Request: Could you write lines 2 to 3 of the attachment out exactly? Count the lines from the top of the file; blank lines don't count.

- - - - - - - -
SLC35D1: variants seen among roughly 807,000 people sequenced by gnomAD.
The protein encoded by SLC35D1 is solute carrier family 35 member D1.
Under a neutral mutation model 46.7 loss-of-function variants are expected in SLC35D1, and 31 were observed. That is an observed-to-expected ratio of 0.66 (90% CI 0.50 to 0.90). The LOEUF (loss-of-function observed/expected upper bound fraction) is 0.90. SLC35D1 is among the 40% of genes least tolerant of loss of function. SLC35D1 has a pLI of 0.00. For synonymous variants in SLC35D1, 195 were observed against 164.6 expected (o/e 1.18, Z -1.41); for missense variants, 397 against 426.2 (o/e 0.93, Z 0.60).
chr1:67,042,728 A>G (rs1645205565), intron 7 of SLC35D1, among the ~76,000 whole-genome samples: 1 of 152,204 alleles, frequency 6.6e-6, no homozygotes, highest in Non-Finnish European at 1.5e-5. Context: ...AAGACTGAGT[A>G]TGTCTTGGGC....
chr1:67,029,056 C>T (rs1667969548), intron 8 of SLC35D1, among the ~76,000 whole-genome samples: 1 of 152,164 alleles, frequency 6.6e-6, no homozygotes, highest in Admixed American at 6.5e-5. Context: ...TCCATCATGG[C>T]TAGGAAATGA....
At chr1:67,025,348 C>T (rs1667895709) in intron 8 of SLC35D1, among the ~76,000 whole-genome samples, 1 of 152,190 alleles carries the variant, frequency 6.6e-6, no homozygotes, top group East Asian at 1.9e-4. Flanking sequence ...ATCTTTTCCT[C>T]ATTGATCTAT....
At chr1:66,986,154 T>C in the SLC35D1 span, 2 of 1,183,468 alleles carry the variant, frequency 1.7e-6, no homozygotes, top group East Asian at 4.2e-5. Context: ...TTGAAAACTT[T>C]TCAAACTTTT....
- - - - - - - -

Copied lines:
The protein encoded by SLC35D1 is solute carrier family 35 member D1.
Under a neutral mutation model 46.7 loss-of-function variants are expected in SLC35D1, and 31 were observed. That is an observed-to-expected ratio of 0.66 (90% CI 0.50 to 0.90). The LOEUF (loss-of-function observed/expected upper bound fraction) is 0.90. SLC35D1 is among the 40% of genes least tolerant of loss of function. SLC35D1 has a pLI of 0.00. For synonymous variants in SLC35D1, 195 were observed against 164.6 expected (o/e 1.18, Z -1.41); for missense variants, 397 against 426.2 (o/e 0.93, Z 0.60).